The Trujillo Regime
The time period of the novel, 1938 to 1994, is dominated by the political regime of dictator Rafael Leonidas Trujillo (1891-1961) and its aftermath. Trujillo ruled the Dominican Republic from 1930 until his assassination in 1961. Before 1930, he had been trained by the American military forces who had taken control of the nation in 1916 and left in 1924. In 1930, he used his position as head of the Dominican military to assume control of the country. To ensure his election as president, his men brutalized political opponents and terrorized voters. He further secured his power by creating a secret police force that violently suppressed opposition to his rule, maintaining networks of spies, and taking control of the press and national education. He took over industries in the country and accumulated an immense fortune. To further trade and strengthen his regime, he supported American business interests in the country and maintained a strong anti-Communist stance.
His reign was characterized by brutality and fear. He regularly employed torture and murder, and the Dominican population was largely terrified of his police forces. The most infamous episode of his dictatorship was the massacre of thousands of Haitian citizens in 1937. Haitian men, women, and children working as sugar-cane cutters or living in Dominican territory were murdered by Trujillo's soldiers. Estimates of the death toll range from 13,000 to 20.000 people.
Trujillo's methods also affected Dominicans' psychological and emotional lives. His presence dominated Dominican life. For instance, he changed the name of the capital city Santo Domingo to Cuidad Trujiilo (Trujiilo City) in 1936, and he put up signs that read "God and Trujiilo." In school, Dominican children were taught to revere him. People were required to hang a picture of Trujiilo in their homes. As Alvarez describes in her essay "Genetics of Justice," beneath the picture was the inscription "In this house Trujiilo is Chief." People learned to censor themselves and live in fear of reprisals. In the novel, Alvarez quotes a radio commentator who contends that in authoritarian countries, "The dictator manages to plant a little piece of himself in every one of us."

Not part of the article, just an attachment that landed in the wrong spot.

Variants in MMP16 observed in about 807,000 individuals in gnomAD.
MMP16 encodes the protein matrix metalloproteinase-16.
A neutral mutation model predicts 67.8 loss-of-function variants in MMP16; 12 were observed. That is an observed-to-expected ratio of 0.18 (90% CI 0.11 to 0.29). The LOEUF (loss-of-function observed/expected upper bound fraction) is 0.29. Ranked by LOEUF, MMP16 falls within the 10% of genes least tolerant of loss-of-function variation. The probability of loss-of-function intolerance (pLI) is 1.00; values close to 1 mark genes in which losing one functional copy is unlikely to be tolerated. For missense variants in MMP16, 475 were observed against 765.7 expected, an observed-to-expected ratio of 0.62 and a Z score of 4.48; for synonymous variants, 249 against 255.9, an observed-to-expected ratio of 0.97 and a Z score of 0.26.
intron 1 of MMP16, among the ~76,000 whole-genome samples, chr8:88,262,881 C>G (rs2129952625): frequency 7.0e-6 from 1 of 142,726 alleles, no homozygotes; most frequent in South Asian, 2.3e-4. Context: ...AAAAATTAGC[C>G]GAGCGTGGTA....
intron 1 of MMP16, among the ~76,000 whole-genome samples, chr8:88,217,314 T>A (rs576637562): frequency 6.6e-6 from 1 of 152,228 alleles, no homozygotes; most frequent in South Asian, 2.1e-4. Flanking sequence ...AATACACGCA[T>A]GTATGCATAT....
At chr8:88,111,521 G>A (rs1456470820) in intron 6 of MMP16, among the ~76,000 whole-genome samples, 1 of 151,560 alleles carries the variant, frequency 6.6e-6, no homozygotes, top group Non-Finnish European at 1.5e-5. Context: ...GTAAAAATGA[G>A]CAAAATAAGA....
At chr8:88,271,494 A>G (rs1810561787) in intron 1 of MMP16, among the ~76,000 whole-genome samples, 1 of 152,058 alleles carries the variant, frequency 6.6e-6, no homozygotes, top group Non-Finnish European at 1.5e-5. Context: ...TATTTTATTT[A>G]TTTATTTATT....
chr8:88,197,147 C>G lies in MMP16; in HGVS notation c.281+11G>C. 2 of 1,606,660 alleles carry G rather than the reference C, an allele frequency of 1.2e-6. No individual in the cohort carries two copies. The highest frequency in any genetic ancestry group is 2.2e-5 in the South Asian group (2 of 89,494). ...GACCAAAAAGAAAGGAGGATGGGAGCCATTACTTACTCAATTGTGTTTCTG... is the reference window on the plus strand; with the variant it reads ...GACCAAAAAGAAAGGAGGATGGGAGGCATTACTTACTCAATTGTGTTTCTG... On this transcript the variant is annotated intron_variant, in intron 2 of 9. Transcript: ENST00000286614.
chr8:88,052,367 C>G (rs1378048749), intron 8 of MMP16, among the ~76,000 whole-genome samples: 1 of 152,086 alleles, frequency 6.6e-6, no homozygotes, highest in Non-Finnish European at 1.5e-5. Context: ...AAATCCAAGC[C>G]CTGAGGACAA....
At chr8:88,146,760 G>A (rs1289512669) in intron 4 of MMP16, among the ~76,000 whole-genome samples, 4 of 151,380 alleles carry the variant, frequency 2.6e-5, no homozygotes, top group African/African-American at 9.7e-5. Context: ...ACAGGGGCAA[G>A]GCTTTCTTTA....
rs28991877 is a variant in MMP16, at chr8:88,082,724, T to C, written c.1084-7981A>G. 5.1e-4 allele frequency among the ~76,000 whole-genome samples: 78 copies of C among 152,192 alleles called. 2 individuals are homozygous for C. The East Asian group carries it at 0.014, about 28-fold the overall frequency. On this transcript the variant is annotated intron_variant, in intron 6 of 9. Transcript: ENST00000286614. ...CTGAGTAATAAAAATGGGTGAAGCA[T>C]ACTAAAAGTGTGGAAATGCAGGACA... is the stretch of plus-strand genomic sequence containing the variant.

Political Resistance to Trujiilo
Though Trujillo's methods of control were highly effective, he could not completely stop either criticism or secret challenges to his rule. He defeated an insurrection attempt in 1949, when exiled Dominicans attempted to overthrow the government. In the 1950s, an underground movement developed. The movement was organized into small eight- to ten-member units or "cells." Many movement members had Communist leanings; others were simply dedicated to ending Trujillo's brutal reign. Exiles tried to invade the country on June 14, 1959, but they failed and were killed. These events spawned the Fourteenth of June Movement, which continued resistance efforts. Both the Mirabal sisters and Alvarez's parents were members of the movement, which planned to assassinate Trujiilo in January of 1960. Their plans were uncovered, however, and the movement members either fled or were jailed, tortured, and often killed.
Late in his rule, Trujiilo came under increasing international scrutiny. The Catholic Church began to openly criticize Trujiilo in 1960. The United States feared his brutality would spawn a revolution directed by Communist rebels or those sympathetic to Fidel Castro, who overthrew Fulgencio Batista's government in Cuba and instituted a Communist regime. The Organization of American States was outraged by Trujillo's attempt to assassinate Venezuelan President Rómulo Betancourt in 1960> Combined with the growing dissatisfaction of wealthier citizens in the Dominican Republic, these elements helped set the stage for Trujillo’s downfall. On May 30, 1961, his car was ambushed by some of his former supporters and he was shot to death. Alvarez reveals in “Genetics of Justice” that...
(The entire section is 2,294 words.)